Taradji, a portrait and documentary photographer based in Chicago, paused. He was curious. This wasn't his original idea, but he wondered, what could this woman's life be like?
"I'm interested in knowing more about your life, if you're up for it," he told her. Delia, he learned, was interested in sharing, although she asked her last name not be used.
After so much transition -- after growing up as a boy, after multiple marriages and divorces, after depression and suicidal thoughts, after taking hormones to change her appearance -- she was who she wanted to be.
Her transition began in 2011, when she decided she could no longer ignore or hide herself. She told her wife, who was supportive. They remain close friends, still.
The earliest days of Delia's transition were exciting and tumultuous. She filled her closet with racy clothing, nothing like what she would have worn before. She was in her mid-50s, but seemed a bit like a teenager, trying on new personalities every day.
"When she changed, she thought she had to be a different person. 'Now that I'm female, I have to be somebody else,'" Taradji said. "She went through all these different wardrobes and personas."
By the time Taradji met Delia in 2014, she hadn't thrown away the sky-high heels and sequins, but "she kind of came back to who she was."
"I would show up every morning and she would let me in and go about her business," Taradji said. "At some point, she would just forget about me."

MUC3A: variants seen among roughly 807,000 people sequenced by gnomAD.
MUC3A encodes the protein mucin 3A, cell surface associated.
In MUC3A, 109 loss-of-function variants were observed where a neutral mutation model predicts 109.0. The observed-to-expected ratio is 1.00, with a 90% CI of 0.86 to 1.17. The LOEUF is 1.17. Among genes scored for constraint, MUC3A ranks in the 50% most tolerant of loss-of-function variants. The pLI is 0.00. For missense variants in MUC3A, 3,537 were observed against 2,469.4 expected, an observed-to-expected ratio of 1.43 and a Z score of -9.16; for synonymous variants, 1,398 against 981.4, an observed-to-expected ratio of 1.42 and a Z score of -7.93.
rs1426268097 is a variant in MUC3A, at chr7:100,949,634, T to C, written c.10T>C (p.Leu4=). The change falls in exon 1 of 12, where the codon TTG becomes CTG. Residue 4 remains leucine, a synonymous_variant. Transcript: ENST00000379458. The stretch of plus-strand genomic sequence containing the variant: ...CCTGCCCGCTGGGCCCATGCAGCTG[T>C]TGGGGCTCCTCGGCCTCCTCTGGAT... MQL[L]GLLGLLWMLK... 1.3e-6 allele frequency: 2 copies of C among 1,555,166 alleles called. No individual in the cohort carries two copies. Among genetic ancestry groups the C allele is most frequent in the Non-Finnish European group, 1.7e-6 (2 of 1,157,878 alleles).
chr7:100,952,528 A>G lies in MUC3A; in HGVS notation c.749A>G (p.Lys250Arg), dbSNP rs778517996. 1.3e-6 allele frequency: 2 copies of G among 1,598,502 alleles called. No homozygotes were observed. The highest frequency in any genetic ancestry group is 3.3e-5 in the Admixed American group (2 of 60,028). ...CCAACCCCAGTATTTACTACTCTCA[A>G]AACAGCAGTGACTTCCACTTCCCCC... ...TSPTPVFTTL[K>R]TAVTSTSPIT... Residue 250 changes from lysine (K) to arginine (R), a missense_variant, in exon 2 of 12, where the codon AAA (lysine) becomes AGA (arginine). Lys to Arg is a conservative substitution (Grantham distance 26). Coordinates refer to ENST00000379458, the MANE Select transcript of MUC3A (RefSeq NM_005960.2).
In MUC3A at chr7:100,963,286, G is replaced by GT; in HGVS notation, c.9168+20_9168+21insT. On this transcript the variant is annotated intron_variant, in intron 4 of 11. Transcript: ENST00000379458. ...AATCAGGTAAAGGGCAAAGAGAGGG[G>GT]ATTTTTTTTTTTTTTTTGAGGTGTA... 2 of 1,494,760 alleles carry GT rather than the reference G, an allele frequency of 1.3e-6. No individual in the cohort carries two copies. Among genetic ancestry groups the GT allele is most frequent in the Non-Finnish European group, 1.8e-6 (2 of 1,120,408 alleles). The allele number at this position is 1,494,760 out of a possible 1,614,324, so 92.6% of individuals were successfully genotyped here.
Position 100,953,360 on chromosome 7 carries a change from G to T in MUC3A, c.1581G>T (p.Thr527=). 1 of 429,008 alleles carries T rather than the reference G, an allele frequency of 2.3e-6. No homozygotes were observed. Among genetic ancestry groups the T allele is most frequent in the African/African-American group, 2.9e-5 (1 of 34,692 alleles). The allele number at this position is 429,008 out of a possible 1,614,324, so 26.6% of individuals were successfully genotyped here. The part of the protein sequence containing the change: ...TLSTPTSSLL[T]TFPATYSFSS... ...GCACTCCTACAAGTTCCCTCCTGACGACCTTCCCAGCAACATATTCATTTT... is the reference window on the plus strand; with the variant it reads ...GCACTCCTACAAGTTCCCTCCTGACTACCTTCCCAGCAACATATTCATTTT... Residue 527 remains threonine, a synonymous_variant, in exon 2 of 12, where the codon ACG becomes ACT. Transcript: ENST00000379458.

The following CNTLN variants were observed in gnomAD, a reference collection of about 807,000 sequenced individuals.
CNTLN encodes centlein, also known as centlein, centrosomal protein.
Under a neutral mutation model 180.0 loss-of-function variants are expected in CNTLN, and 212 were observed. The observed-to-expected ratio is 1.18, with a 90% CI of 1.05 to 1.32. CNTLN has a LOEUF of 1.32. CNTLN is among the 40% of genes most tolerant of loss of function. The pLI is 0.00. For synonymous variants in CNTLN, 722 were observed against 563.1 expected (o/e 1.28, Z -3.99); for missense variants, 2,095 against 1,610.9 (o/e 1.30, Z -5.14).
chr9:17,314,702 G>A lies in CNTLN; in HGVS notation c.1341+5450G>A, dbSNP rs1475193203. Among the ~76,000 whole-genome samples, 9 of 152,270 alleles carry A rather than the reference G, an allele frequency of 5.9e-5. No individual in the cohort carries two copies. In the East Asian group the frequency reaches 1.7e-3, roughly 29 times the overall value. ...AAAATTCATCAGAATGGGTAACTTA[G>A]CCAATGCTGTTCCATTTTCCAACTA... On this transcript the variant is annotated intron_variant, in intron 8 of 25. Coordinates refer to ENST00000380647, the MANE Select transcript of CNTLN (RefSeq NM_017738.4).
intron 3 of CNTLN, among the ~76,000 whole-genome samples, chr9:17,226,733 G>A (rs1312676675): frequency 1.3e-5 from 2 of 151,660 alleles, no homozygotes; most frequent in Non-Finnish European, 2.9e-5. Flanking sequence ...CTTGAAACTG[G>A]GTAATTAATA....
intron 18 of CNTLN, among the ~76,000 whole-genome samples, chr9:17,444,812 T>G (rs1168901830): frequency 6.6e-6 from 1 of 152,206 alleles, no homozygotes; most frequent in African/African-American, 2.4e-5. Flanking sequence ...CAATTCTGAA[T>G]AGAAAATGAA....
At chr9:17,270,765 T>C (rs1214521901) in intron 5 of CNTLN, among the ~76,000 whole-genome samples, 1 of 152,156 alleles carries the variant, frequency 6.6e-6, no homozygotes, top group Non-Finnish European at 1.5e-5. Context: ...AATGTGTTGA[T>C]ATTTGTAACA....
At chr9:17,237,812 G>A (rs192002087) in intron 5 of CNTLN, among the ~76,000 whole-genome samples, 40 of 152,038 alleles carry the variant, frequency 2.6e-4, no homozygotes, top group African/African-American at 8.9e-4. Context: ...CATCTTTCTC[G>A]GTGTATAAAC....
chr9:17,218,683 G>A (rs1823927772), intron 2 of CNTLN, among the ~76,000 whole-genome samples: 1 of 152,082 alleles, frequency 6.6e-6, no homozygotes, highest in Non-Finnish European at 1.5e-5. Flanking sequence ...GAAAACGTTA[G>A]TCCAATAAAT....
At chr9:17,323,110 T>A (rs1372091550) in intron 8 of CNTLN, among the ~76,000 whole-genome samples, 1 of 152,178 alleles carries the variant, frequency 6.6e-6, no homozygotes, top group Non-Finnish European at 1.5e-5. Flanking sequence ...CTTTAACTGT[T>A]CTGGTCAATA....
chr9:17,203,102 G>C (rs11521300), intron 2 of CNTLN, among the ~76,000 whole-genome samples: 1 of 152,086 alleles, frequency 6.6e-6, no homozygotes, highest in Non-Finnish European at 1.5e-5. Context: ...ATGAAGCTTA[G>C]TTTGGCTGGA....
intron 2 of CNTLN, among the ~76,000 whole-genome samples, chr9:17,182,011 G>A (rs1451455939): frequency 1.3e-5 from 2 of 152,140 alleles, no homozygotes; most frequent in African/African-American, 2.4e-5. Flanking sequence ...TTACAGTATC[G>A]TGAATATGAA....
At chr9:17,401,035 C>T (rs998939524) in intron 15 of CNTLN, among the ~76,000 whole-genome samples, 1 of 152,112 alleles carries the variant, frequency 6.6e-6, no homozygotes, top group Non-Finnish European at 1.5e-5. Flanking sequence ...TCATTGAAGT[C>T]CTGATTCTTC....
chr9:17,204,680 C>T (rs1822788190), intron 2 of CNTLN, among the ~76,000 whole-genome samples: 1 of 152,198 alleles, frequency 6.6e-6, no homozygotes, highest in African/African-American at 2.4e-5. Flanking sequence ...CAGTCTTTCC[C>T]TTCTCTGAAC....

Here is what Taradji discovered: A normal person with a normal past doing normal things in a world that still struggled to understand her.
She met her father for breakfast but notices he still calls her "my son," an old habit.
She went to work as an IT person, but had to decide how much of herself to share there.
She exercised at the gym, but had to negotiate with management a place where she could change clothes.
She rode the train, but faced aggressive, cruel comments from people aboard the same car.
"There are no horns or tails -- it's just a regular human being," Taradji said. "She has to wear clothes and shave. She has dreams and hopes and failures and successes like anybody else."
Delia is in a good place now, Taradji said. She still has decisions to make about her future, and still has family members who struggle with her identity. In long conversations and in quiet moments caught with Taradji's lens, they learned together that gender identity can fall along a spectrum, that male and female aren't always so clear. They both see, too, that not everyone understands that.
But Delia has close friends and passions, including acting. After so many years of discovery and transition, she's got herself.
Taradji said she seems comfortable. He can understand why.
"It has to be exhausting," Taradji said, "trying to be somebody else that you're not."